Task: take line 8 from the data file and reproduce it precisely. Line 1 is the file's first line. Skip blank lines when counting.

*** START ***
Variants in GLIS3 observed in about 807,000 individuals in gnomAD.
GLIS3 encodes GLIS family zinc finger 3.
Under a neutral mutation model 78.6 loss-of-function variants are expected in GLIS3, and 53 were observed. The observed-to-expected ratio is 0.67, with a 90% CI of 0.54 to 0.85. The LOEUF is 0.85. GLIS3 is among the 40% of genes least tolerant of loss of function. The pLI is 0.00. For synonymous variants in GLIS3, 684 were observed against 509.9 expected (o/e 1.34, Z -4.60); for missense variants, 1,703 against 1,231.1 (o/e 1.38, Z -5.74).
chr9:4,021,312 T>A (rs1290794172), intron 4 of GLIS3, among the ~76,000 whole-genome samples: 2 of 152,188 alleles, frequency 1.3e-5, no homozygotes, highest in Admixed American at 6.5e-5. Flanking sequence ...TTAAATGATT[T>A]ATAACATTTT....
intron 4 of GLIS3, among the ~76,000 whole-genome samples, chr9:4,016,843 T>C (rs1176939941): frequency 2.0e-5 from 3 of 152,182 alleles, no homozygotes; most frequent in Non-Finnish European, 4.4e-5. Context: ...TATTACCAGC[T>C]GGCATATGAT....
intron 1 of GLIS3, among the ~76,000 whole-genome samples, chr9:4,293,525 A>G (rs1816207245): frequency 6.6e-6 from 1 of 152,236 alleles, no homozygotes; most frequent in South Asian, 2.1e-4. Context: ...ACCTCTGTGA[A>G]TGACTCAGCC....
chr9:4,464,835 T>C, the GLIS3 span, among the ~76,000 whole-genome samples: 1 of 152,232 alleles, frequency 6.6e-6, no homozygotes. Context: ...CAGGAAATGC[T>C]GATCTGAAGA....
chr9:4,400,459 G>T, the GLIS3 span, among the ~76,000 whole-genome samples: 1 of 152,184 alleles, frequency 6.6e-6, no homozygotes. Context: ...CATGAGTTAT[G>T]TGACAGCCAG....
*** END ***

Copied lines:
chr9:4,400,459 G>T, the GLIS3 span, among the ~76,000 whole-genome samples: 1 of 152,184 alleles, frequency 6.6e-6, no homozygotes. Context: ...CATGAGTTAT[G>T]TGACAGCCAG....